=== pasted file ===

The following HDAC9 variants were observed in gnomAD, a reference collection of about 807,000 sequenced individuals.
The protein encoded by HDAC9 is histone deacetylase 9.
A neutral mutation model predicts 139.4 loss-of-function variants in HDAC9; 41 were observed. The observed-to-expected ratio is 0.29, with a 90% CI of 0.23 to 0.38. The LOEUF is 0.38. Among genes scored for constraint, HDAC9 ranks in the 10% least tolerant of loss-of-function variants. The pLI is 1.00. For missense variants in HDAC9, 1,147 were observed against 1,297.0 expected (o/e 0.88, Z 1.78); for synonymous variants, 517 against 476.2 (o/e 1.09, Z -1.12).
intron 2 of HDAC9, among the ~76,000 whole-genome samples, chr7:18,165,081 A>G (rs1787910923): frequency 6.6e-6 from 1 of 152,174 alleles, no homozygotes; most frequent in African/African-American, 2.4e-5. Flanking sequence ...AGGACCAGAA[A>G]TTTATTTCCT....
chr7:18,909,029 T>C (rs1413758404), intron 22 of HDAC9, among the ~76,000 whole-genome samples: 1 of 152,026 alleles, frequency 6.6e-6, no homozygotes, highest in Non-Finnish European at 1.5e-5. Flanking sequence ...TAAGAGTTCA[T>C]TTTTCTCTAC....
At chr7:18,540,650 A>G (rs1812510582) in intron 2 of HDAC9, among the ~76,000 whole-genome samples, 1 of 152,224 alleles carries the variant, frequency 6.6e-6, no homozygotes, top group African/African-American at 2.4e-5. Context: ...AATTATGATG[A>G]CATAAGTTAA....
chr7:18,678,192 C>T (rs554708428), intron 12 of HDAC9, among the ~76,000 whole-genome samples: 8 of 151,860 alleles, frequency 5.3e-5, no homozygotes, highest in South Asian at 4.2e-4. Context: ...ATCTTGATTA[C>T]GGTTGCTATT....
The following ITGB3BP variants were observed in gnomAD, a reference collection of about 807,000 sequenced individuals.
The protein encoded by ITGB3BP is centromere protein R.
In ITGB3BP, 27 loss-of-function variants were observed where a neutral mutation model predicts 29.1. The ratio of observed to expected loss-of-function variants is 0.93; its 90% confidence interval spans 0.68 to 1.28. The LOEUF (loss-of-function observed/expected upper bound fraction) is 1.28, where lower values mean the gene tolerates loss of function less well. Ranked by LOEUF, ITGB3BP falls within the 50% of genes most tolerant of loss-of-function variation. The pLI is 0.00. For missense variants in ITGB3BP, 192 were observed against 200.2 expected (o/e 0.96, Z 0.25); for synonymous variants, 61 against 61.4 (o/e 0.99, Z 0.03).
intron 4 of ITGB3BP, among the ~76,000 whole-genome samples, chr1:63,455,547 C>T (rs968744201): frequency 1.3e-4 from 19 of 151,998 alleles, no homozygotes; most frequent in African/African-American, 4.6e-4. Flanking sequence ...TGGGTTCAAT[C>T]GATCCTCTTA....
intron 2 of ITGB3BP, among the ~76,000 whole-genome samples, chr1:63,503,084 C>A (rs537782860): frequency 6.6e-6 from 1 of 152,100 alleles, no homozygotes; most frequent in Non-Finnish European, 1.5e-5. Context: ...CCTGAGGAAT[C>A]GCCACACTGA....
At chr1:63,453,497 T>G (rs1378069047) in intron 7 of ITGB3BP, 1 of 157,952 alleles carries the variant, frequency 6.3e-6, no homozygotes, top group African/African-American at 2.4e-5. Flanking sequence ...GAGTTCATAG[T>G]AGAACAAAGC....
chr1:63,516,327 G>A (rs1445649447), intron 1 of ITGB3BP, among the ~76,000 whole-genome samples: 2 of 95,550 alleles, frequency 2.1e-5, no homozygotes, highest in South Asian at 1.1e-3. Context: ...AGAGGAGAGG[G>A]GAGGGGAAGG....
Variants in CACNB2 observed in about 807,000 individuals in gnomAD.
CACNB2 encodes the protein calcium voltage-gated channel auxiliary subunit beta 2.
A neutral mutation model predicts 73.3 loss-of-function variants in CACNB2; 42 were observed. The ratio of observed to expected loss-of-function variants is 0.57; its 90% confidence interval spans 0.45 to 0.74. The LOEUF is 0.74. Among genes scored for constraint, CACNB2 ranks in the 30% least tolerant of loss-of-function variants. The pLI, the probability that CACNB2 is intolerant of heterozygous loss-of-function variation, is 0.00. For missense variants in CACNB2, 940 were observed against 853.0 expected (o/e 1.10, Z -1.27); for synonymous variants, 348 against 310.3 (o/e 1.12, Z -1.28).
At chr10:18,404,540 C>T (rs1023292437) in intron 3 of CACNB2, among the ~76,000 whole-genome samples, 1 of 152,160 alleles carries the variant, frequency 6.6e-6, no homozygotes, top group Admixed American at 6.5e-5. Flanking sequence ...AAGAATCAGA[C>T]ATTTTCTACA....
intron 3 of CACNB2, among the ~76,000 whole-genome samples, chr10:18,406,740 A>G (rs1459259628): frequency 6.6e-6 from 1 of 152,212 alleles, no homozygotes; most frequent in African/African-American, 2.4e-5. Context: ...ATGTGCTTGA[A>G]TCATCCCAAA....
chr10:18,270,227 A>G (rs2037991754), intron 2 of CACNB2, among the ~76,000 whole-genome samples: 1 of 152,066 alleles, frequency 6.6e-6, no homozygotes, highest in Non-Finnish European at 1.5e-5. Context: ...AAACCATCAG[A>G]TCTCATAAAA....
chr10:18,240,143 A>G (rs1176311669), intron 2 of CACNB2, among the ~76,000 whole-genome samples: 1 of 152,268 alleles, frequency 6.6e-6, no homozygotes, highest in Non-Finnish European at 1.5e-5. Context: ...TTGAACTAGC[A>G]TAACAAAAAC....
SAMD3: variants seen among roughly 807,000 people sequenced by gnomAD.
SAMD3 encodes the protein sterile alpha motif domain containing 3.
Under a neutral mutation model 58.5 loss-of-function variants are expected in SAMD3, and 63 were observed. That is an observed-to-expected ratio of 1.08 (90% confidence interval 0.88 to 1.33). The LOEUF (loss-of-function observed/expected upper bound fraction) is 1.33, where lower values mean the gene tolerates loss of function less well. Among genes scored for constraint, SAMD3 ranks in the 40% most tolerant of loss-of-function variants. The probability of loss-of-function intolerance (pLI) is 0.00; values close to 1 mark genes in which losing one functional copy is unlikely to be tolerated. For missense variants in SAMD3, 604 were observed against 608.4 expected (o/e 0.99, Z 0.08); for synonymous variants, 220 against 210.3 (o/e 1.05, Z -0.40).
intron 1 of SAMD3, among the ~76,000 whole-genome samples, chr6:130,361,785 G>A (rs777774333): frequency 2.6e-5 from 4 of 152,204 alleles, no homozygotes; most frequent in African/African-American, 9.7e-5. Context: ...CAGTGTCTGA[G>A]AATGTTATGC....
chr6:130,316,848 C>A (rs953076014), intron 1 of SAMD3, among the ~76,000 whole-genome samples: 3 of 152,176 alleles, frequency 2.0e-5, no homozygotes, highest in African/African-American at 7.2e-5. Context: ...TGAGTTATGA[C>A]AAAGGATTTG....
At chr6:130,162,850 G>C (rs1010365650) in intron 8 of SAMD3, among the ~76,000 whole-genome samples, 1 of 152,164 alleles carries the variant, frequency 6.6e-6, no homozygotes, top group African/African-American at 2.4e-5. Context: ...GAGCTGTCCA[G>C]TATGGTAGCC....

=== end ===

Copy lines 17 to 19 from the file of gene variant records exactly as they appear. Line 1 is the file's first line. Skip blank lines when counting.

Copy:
A neutral mutation model predicts 73.3 loss-of-function variants in CACNB2; 42 were observed. The ratio of observed to expected loss-of-function variants is 0.57; its 90% confidence interval spans 0.45 to 0.74. The LOEUF is 0.74. Among genes scored for constraint, CACNB2 ranks in the 30% least tolerant of loss-of-function variants. The pLI, the probability that CACNB2 is intolerant of heterozygous loss-of-function variation, is 0.00. For missense variants in CACNB2, 940 were observed against 853.0 expected (o/e 1.10, Z -1.27); for synonymous variants, 348 against 310.3 (o/e 1.12, Z -1.28).
At chr10:18,404,540 C>T (rs1023292437) in intron 3 of CACNB2, among the ~76,000 whole-genome samples, 1 of 152,160 alleles carries the variant, frequency 6.6e-6, no homozygotes, top group Admixed American at 6.5e-5. Flanking sequence ...AAGAATCAGA[C>T]ATTTTCTACA....
intron 3 of CACNB2, among the ~76,000 whole-genome samples, chr10:18,406,740 A>G (rs1459259628): frequency 6.6e-6 from 1 of 152,212 alleles, no homozygotes; most frequent in African/African-American, 2.4e-5. Context: ...ATGTGCTTGA[A>G]TCATCCCAAA....